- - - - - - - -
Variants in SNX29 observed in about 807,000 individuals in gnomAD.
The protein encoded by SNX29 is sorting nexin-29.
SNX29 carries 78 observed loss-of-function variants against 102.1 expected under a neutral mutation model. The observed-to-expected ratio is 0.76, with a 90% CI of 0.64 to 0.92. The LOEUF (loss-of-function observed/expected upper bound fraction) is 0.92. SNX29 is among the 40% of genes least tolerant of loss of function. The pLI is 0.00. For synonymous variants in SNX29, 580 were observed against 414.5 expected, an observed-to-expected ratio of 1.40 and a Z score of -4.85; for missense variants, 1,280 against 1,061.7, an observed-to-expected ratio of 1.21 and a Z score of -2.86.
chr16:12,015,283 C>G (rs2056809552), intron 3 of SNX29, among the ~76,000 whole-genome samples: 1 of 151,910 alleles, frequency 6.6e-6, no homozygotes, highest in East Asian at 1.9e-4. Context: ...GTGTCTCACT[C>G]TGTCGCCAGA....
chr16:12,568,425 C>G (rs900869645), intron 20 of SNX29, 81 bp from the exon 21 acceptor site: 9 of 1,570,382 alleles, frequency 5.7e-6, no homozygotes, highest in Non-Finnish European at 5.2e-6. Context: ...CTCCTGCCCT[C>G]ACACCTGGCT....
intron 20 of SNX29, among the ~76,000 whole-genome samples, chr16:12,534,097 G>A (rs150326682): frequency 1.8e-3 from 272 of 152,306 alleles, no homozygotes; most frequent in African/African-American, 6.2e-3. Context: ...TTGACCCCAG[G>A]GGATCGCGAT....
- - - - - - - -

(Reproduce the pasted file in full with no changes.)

Variants in SNX29 observed in about 807,000 individuals in gnomAD.
The protein encoded by SNX29 is sorting nexin-29.
SNX29 carries 78 observed loss-of-function variants against 102.1 expected under a neutral mutation model. The observed-to-expected ratio is 0.76, with a 90% CI of 0.64 to 0.92. The LOEUF (loss-of-function observed/expected upper bound fraction) is 0.92. SNX29 is among the 40% of genes least tolerant of loss of function. The pLI is 0.00. For synonymous variants in SNX29, 580 were observed against 414.5 expected, an observed-to-expected ratio of 1.40 and a Z score of -4.85; for missense variants, 1,280 against 1,061.7, an observed-to-expected ratio of 1.21 and a Z score of -2.86.
chr16:12,015,283 C>G (rs2056809552), intron 3 of SNX29, among the ~76,000 whole-genome samples: 1 of 151,910 alleles, frequency 6.6e-6, no homozygotes, highest in East Asian at 1.9e-4. Context: ...GTGTCTCACT[C>G]TGTCGCCAGA....
chr16:12,568,425 C>G (rs900869645), intron 20 of SNX29, 81 bp from the exon 21 acceptor site: 9 of 1,570,382 alleles, frequency 5.7e-6, no homozygotes, highest in Non-Finnish European at 5.2e-6. Context: ...CTCCTGCCCT[C>G]ACACCTGGCT....
intron 20 of SNX29, among the ~76,000 whole-genome samples, chr16:12,534,097 G>A (rs150326682): frequency 1.8e-3 from 272 of 152,306 alleles, no homozygotes; most frequent in African/African-American, 6.2e-3. Context: ...TTGACCCCAG[G>A]GGATCGCGAT....